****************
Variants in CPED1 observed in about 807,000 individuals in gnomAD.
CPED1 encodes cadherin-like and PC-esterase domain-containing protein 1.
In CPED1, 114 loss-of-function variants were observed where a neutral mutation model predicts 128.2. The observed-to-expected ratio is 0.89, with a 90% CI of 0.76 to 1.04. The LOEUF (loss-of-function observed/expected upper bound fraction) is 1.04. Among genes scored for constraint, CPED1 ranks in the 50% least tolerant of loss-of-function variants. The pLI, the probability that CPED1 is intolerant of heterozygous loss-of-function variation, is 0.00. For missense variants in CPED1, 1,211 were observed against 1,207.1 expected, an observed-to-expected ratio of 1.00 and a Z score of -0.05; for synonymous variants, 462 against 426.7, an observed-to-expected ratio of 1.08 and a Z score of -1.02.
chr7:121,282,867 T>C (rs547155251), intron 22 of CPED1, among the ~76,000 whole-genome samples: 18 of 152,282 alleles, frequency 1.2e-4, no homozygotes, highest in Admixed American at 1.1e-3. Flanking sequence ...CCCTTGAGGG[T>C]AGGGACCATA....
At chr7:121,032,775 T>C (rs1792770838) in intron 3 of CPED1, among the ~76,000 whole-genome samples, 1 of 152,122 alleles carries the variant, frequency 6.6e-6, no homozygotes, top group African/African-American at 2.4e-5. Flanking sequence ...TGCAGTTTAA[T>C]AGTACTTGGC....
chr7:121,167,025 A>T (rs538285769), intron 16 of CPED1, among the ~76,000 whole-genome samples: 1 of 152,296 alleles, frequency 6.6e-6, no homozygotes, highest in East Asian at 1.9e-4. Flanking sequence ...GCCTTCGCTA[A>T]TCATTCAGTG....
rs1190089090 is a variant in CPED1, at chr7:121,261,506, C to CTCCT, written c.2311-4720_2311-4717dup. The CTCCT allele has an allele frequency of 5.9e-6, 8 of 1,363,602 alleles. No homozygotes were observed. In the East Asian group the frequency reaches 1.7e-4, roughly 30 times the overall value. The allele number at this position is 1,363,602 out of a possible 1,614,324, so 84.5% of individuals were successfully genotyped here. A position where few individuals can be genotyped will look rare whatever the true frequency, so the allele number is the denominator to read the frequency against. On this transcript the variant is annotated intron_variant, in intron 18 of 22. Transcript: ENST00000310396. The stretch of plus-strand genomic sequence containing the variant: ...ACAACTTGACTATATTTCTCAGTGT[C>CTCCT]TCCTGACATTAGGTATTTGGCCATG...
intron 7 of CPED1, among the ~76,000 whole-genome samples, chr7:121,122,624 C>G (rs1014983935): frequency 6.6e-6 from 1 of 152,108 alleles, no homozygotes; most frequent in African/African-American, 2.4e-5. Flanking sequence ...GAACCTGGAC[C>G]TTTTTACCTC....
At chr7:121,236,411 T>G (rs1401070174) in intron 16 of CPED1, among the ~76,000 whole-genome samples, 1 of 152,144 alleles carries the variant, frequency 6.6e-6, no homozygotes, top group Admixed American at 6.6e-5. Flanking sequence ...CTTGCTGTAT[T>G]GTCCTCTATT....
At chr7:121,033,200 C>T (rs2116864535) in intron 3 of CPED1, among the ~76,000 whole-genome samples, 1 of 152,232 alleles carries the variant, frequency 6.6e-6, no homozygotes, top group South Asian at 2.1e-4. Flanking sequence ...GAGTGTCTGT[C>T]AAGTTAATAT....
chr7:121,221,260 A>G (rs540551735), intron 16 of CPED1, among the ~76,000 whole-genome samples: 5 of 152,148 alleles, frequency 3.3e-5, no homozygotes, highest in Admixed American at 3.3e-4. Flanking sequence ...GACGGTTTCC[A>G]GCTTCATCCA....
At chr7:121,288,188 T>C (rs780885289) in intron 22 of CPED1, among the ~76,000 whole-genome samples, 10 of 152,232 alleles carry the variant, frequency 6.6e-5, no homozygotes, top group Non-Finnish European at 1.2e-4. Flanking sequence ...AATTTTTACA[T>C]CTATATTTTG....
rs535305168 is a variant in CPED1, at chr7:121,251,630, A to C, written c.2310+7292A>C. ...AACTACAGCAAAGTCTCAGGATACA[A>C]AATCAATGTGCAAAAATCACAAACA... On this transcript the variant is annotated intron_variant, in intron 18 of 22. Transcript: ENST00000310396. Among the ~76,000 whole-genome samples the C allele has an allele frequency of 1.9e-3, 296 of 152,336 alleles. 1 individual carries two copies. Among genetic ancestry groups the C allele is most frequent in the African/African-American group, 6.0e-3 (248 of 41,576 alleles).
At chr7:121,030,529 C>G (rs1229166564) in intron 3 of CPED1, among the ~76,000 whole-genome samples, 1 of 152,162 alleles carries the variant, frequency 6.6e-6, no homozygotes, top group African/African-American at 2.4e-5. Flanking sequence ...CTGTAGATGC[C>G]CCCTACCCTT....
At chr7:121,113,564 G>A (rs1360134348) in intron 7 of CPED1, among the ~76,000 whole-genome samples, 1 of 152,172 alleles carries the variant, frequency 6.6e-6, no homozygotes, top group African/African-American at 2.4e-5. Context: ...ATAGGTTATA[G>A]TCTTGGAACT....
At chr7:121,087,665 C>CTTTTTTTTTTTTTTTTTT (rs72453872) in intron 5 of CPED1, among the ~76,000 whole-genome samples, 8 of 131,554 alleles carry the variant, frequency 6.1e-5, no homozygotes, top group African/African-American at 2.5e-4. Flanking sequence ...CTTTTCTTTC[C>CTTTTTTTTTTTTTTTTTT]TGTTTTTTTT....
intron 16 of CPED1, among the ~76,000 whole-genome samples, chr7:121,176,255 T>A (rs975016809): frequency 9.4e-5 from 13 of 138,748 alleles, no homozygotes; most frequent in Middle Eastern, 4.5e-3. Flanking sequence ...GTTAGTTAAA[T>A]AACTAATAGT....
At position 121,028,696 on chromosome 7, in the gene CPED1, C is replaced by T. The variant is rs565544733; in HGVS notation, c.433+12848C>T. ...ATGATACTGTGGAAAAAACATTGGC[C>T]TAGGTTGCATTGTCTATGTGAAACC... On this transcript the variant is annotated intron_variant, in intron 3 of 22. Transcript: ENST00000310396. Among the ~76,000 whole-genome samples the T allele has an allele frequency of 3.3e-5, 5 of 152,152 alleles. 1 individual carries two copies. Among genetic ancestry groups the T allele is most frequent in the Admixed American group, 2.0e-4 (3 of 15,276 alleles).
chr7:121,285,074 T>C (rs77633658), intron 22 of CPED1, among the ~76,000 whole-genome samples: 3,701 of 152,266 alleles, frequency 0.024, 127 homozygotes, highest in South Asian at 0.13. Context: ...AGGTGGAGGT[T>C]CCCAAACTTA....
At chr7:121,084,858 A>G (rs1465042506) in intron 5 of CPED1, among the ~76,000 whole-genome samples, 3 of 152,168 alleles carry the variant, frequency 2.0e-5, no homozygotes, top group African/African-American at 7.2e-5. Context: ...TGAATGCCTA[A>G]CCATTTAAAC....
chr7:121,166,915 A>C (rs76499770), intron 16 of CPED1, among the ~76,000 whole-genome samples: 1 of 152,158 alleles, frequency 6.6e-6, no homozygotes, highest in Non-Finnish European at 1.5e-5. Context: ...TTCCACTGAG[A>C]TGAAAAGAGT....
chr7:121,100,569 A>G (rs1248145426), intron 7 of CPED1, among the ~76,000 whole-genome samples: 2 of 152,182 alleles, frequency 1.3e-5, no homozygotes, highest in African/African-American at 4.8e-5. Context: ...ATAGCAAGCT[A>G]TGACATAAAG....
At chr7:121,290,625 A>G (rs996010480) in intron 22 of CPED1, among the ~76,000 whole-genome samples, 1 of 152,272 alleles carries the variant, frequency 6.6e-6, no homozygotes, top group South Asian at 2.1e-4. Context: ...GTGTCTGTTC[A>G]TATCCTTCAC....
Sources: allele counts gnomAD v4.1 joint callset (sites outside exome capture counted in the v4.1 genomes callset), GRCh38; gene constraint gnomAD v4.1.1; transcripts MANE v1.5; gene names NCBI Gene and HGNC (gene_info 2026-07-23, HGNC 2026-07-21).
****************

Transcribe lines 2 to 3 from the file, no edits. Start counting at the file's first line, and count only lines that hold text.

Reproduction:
CPED1 encodes cadherin-like and PC-esterase domain-containing protein 1.
In CPED1, 114 loss-of-function variants were observed where a neutral mutation model predicts 128.2. The observed-to-expected ratio is 0.89, with a 90% CI of 0.76 to 1.04. The LOEUF (loss-of-function observed/expected upper bound fraction) is 1.04. Among genes scored for constraint, CPED1 ranks in the 50% least tolerant of loss-of-function variants. The pLI, the probability that CPED1 is intolerant of heterozygous loss-of-function variation, is 0.00. For missense variants in CPED1, 1,211 were observed against 1,207.1 expected, an observed-to-expected ratio of 1.00 and a Z score of -0.05; for synonymous variants, 462 against 426.7, an observed-to-expected ratio of 1.08 and a Z score of -1.02.